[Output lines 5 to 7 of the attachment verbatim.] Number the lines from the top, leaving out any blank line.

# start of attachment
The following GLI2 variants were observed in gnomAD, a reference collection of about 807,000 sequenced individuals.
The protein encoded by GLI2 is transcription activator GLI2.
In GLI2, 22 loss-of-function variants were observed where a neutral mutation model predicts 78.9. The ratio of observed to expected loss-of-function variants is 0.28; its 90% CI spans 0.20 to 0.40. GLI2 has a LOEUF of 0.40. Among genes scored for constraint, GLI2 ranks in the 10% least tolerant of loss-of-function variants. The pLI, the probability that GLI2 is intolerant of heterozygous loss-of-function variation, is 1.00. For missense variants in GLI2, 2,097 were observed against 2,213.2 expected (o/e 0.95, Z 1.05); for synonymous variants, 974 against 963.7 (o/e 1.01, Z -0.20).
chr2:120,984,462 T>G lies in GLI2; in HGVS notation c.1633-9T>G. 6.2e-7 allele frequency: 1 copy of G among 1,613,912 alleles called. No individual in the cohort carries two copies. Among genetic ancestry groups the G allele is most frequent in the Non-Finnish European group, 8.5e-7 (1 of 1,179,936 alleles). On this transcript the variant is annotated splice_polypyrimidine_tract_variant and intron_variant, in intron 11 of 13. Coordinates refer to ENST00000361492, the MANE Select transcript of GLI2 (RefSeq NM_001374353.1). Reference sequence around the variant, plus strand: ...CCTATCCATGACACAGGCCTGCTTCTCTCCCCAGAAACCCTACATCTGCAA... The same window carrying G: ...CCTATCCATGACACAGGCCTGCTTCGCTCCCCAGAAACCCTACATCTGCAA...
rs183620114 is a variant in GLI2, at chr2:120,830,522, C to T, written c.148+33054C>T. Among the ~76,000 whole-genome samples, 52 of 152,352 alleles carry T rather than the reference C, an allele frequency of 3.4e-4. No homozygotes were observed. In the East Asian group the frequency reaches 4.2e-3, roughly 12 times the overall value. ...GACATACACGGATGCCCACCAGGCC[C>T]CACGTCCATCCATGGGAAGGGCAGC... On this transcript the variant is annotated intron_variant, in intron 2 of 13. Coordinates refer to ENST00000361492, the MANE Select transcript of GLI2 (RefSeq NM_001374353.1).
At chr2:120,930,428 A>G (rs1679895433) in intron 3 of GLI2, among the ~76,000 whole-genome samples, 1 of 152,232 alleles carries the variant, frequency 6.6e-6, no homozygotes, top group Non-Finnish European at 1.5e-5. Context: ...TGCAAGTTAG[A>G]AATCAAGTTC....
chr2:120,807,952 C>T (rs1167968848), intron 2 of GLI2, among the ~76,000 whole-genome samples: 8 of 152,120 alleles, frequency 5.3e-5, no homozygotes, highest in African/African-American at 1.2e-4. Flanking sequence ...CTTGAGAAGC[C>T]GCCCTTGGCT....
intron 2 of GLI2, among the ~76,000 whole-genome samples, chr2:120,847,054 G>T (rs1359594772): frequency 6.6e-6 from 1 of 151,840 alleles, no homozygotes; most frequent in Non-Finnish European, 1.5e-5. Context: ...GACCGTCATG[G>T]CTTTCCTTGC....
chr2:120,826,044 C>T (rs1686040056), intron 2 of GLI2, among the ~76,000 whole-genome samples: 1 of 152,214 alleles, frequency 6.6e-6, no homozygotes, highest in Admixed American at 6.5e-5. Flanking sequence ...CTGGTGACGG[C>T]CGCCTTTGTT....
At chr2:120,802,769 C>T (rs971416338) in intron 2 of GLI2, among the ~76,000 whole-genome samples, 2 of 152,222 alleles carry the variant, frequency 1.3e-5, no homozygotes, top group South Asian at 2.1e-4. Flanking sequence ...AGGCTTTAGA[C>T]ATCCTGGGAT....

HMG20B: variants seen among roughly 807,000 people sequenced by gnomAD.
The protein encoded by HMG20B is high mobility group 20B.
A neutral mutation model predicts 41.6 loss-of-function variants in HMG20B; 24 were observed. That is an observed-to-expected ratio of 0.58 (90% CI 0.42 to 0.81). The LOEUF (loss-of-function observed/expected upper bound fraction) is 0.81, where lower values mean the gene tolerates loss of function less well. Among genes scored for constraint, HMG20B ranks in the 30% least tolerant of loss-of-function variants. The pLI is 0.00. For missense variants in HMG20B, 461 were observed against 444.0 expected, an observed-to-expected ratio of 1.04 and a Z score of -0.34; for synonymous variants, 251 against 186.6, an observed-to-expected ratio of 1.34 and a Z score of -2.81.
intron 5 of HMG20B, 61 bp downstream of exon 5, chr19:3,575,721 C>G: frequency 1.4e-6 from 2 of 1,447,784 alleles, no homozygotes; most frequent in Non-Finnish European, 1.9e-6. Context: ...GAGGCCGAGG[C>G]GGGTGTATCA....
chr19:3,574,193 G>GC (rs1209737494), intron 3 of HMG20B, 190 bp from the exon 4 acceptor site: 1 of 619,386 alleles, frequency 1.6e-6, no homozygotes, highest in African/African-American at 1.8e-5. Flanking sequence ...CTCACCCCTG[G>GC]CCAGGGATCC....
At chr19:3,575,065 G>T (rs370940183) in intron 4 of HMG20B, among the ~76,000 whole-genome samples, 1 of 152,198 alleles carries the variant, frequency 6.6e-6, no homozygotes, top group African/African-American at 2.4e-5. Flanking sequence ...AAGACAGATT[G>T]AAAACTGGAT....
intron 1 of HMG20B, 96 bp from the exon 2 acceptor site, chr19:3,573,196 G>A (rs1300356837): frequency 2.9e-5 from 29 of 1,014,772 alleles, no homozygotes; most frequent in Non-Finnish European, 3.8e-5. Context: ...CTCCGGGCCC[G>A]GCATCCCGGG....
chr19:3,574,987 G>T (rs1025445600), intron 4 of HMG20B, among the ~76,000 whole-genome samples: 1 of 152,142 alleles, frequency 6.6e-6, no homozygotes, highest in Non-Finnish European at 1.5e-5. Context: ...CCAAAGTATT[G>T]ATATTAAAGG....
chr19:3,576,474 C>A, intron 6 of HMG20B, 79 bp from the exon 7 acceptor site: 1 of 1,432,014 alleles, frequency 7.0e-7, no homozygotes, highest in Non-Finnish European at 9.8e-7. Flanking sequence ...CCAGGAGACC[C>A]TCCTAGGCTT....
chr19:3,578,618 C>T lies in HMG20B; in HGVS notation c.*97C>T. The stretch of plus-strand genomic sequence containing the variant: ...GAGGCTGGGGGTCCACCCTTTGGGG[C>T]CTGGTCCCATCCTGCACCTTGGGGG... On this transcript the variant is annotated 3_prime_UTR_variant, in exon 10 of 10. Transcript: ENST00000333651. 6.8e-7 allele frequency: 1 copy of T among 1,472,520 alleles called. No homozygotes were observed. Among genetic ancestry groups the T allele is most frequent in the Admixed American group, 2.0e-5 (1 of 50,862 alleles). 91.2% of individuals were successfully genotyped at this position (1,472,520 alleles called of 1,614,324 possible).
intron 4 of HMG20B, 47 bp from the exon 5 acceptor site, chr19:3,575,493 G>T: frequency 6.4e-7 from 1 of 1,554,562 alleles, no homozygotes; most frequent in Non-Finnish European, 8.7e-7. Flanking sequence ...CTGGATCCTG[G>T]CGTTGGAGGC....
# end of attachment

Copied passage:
rs183620114 is a variant in GLI2, at chr2:120,830,522, C to T, written c.148+33054C>T. Among the ~76,000 whole-genome samples, 52 of 152,352 alleles carry T rather than the reference C, an allele frequency of 3.4e-4. No homozygotes were observed. In the East Asian group the frequency reaches 4.2e-3, roughly 12 times the overall value. ...GACATACACGGATGCCCACCAGGCC[C>T]CACGTCCATCCATGGGAAGGGCAGC... On this transcript the variant is annotated intron_variant, in intron 2 of 13. Coordinates refer to ENST00000361492, the MANE Select transcript of GLI2 (RefSeq NM_001374353.1).
At chr2:120,930,428 A>G (rs1679895433) in intron 3 of GLI2, among the ~76,000 whole-genome samples, 1 of 152,232 alleles carries the variant, frequency 6.6e-6, no homozygotes, top group Non-Finnish European at 1.5e-5. Context: ...TGCAAGTTAG[A>G]AATCAAGTTC....
chr2:120,807,952 C>T (rs1167968848), intron 2 of GLI2, among the ~76,000 whole-genome samples: 8 of 152,120 alleles, frequency 5.3e-5, no homozygotes, highest in African/African-American at 1.2e-4. Flanking sequence ...CTTGAGAAGC[C>T]GCCCTTGGCT....